There's Science Behind the 'Dad Bod'
A boy laughs as his father protects him from a wave crashing on the beach in Avalon, N.J., Sunday, June 29, 2014. (Image via AP Photo/The Philadelphia Inquirer, David M Warren)
There’s science behind the plump dad bod: A new study that tracked the weight of 10,000 males over 20 years from adolescence into their early 30s finds the average 6-foot tall, first-time father gains 4.4 pounds if they live with their child after birth and about 3.3 pounds if they live separately. That equals a 2.6% and 2% jump in a man’s BMI, respectively, according to a Northwestern University release.
And men, don’t try to pass off the weight as a side effect of marriage. Though a recent study found marriage does add a little to your waistline, the fatherhood weight gain is a separate issue “above the already known effect of marriage,” says lead author Dr. Craig Garfield. Regardless of marital status, childless men actually lost weight in the same period: about 1.4 pounds.
So why are men gaining weight while chasing after little ones? It likely comes down to a change in eating habits and lifestyle, researchers say. “You have new responsibilities when you have your kids and may not have time to take care of yourself the way you once did in terms of exercise,” Garfield says. While many men quit smoking or cut back on alcohol when they have children, there may be more snacks and leftovers lying around, he tells Time. “We all know dads who clean their kids’ plates after every meal."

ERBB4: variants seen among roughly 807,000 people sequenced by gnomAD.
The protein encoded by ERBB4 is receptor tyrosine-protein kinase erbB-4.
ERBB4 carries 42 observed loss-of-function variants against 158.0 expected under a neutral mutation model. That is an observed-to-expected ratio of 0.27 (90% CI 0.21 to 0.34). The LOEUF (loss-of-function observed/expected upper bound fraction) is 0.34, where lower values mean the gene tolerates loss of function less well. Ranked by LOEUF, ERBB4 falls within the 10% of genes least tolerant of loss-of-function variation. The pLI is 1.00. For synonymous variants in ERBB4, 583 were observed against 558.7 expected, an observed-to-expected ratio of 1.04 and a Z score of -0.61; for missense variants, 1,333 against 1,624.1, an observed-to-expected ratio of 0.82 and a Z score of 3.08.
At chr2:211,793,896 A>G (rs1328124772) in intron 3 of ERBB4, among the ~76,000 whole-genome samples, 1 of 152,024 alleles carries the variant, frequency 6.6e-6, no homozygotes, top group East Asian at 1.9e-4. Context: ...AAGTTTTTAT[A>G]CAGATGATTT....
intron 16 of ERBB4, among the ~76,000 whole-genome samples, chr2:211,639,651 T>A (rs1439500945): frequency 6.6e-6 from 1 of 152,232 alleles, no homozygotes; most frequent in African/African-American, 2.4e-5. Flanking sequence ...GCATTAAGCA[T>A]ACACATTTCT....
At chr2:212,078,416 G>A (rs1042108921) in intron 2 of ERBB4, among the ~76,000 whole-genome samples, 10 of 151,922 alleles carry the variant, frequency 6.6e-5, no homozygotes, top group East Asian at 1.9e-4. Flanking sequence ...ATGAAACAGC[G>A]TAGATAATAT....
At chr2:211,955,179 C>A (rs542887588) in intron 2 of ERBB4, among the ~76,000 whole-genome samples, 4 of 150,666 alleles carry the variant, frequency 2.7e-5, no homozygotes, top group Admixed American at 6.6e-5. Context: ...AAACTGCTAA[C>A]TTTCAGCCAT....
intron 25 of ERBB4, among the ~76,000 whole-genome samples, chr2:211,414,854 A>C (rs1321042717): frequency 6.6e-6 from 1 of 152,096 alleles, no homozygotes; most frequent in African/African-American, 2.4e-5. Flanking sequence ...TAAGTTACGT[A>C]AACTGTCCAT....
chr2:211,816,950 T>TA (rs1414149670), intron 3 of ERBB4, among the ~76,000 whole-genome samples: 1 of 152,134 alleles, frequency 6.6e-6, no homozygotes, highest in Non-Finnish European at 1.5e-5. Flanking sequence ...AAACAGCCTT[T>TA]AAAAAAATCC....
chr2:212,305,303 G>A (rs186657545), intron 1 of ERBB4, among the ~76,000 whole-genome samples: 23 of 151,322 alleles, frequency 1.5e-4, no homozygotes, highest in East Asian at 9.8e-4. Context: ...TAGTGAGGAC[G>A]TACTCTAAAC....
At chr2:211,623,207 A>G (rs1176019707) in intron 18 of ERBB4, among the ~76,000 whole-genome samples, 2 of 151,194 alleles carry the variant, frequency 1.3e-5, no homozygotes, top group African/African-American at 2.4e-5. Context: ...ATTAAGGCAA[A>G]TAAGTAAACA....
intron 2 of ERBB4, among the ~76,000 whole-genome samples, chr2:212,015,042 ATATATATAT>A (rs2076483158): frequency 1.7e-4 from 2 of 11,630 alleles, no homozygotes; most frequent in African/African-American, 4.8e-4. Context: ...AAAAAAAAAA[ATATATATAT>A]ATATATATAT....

As first-time fathers often feel they’re too young to have their own doctor, Garfield suggests pediatricians strike up conversations with child-accompanying dads about their own health, since "the more weight the fathers gain and the higher their BMI, the greater risk they have for developing heart disease as well as diabetes and cancer.” (You’ll probably want to weigh yourself on a Friday.)
By Arden Dier
More From Newser.com:
Your Earwax Says a Lot About You
Study: Women Don’t Really Care About Guys’ Penis Size
Your Favorite Health Food Has a Dark Side
It’s Always March 14, 2005, for This Man
Standing at Work Could Be Bad for You, Too
This article originally appeared on Newser: There’s Science Behind the ‘Dad Bod’